Papers accepted at AAAI / CompexQA & RecNLP Workshops
We are very pleased to announce that our group got two papers got accepted for presentation at the Thirty-First The Thirty-Third AAAI Conference on Artificial Intelligence (AAAI-19) workshops (ComplexQA 2019 and RecNLP 2019), which will be held January 27 – February 1, 2019 at the Hilton Hawaiian Village, Honolulu, Hawaii, USA. The purpose of the Association for the Advancement of Artificial Intelligence (AAAI) conference series is to promote research in artificial intelligence (AI) and foster scientific exchange between researchers, practitioners, scientists, students, and engineers in AI and its affiliated disciplines. Reasoning for Complex Question Answering Workshop is a new series of workshops on the reasoning for complex question answering (QA). QA has become a crucial application problem in evaluating the progress of AI systems in the realm of natural language processing and understanding, and to measure the progress of machine intelligence in general. The computational linguistics communities (ACL, NAACL, EMNLP et al.) have devoted significant attention to the general problem of machine reading and question answering, as evidenced by the emergence of strong technical contributions and challenge datasets such as SQuAD. However, most of these advances have focused on “shallow” QA tasks that can be tackled very effectively by existing retrieval-based techniques. Instead of measuring the comprehension and understanding of the QA systems in question, these tasks test merely the capability of a technique to “attend” or focus attention on specific words and pieces of text. The main aim of this workshop is to bring together experts from the computational linguistics (CL) and AI communities to: (1) catalyze progress on the CQA problem, and create a vibrant test-bed of problems for various AI sub-fields; and (2) present a generalized task that can act as a harbinger of progress in AI. Recommender Systems Meet Natural Language Processing (RecNLP) is an interdisciplinary workshop covering the intersection between Recommender Systems (RecSys) and Natural Language Processing (NLP). The primary goal of RecNLP is to identify common ideas and techniques that are being developed in both disciplines, and to further explore the synergy between the two and to bring together researchers from both domains to encourage and facilitate future collaborations. Here is the pre-print of the accepted papers with their abstract:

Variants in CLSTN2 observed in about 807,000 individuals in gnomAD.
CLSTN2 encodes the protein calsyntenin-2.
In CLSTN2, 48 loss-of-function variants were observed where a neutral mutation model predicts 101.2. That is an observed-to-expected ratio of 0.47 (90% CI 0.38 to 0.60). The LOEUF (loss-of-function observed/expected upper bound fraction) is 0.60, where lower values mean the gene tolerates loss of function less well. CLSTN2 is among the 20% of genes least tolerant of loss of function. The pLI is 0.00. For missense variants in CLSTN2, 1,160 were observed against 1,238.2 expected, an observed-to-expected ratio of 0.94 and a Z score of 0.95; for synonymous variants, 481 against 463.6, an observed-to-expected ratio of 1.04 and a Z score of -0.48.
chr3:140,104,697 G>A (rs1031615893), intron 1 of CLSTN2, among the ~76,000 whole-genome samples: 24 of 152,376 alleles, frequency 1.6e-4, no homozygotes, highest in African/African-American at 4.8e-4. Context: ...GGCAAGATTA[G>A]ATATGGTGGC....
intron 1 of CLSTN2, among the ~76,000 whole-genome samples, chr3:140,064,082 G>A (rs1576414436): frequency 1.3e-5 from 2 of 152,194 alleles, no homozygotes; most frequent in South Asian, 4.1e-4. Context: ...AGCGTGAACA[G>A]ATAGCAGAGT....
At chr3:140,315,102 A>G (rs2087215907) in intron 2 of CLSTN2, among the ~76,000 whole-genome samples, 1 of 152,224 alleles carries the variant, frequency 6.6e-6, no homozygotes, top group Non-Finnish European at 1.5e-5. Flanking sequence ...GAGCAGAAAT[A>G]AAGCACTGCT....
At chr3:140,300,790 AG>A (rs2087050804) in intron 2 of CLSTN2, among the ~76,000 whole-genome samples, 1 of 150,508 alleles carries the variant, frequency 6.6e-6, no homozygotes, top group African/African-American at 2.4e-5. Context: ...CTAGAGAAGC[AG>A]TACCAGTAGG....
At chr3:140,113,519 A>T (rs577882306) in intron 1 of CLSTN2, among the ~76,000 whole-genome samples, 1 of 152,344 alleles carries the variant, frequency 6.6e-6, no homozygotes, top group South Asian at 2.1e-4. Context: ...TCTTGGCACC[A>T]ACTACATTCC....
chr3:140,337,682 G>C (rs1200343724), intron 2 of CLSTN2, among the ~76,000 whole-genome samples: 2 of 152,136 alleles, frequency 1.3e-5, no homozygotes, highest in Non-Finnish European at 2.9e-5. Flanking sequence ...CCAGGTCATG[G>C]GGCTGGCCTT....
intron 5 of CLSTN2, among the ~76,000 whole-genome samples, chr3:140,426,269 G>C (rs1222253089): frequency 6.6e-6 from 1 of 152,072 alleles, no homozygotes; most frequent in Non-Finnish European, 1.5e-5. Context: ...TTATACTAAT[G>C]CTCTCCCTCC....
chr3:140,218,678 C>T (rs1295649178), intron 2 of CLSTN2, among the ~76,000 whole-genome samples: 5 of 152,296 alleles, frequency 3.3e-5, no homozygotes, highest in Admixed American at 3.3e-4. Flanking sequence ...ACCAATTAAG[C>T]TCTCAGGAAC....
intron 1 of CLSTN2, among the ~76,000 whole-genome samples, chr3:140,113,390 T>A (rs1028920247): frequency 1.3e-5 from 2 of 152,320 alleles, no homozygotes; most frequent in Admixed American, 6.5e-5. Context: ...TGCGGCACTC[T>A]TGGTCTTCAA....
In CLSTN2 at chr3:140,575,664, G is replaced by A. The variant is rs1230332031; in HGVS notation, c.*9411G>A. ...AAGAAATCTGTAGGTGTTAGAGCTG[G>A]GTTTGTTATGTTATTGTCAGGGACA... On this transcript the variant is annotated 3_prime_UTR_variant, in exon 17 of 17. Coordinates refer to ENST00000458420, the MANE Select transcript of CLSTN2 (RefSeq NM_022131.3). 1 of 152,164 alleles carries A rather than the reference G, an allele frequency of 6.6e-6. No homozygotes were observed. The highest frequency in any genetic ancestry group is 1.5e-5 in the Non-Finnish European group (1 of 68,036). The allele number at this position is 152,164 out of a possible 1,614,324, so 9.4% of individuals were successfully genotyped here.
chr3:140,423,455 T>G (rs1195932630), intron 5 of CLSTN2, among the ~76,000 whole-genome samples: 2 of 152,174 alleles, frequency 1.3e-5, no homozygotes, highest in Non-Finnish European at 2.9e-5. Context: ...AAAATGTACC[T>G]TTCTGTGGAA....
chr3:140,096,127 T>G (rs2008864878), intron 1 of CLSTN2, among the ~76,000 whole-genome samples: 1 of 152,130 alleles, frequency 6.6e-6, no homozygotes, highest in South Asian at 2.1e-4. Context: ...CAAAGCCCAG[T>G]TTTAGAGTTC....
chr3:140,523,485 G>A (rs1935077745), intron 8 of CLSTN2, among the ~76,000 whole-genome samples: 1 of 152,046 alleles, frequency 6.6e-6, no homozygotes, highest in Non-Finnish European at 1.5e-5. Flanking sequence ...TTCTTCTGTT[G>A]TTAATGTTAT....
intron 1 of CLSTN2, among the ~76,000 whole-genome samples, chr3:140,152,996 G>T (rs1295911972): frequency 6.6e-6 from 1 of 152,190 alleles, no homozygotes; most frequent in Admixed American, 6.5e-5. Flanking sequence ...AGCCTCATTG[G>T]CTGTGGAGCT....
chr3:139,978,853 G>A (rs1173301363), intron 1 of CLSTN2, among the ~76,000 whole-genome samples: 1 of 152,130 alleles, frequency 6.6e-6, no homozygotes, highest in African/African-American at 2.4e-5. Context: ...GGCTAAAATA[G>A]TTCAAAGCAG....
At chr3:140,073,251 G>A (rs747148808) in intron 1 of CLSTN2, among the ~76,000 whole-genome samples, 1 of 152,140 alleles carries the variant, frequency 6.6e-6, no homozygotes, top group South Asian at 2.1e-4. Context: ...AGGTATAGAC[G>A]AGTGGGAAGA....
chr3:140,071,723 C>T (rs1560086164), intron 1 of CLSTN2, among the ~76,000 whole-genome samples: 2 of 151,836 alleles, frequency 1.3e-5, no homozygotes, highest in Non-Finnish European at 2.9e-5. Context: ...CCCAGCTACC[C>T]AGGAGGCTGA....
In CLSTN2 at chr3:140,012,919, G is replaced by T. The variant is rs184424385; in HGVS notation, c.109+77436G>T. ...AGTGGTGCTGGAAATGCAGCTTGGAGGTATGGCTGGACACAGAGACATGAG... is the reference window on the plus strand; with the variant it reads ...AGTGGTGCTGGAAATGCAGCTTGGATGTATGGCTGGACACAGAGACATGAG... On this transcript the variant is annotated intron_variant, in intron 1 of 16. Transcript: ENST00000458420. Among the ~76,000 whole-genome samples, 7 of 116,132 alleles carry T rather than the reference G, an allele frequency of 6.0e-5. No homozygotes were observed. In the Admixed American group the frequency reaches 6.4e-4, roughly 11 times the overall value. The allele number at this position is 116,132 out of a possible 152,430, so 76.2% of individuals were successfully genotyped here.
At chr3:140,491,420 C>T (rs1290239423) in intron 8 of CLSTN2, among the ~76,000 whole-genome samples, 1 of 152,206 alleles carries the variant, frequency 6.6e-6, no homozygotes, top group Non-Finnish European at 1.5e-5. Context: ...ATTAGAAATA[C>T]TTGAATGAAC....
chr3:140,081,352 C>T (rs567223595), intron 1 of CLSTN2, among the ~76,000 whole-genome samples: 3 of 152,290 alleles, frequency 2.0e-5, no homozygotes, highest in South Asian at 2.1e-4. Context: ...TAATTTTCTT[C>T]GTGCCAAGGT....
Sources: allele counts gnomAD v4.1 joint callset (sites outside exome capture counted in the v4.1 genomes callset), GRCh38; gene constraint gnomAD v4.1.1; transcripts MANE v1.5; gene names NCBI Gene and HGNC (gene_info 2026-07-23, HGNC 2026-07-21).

- Translating Natural Language to SQL using Pointer-Generator Networks and How Decoding Order Matters by Denis Lukovnikov, Nilesh Chakraborty, Jens Lehmann and Asja Fischer
Abstract: Translating natural language to SQL queries for table-based question answering is a challenging problem and has received significant attention from the research community. In this work, we extend a pointer-generator network and investigate how query decoding order matters in semantic parsing for SQL. Even though our model is a straightforward extension of a general-purpose pointer-generator, it outperforms early work for WikiSQL and remains competitive to concurrently introduced, more complex models. Moreover, we provide a deeper investigation of the potential “order-matters” problem due to having multiple correct decoding paths, and investigate the use of REINFORCE as well as a non-deterministic oracle in this context.
- Metaresearch Recommendations using Knowledge Graph Embeddings by Veronika Henk, Sahar Vahdati, Mojataba Nayyeri, Mehdi Ali, Hamed Shariat Yazdi and Jens Lehmann
Abstract: Discovering relevant research collaborations is crucial for performing extraordinary research and promoting the careers of scholars. Therefore, building recommender systems capable of suggesting relevant collaboration opportunities is of huge interest. Most of the existing approaches for collaboration and co-author recommendation focus on semantic similarities using bibliographic metadata such as publication counts, and citation network analysis. These approaches neglect relevant and important metadata information such as author affiliation and conferences attended, affecting the quality of the recommendations. To overcome these drawbacks, we formulate the task of scholarly recommendation as a link prediction task based on knowledge graph embeddings. A knowledge graph containing scholarly metadata is created and enriched with textual descriptions. We tested the quality of the recommendations based on the TransE, TranH and DistMult models that consider only triples in the knowledge graph and DKRL which in addition incorporates natural language descriptions of entities during training.
Looking forward to seeing you at The AAAI-19.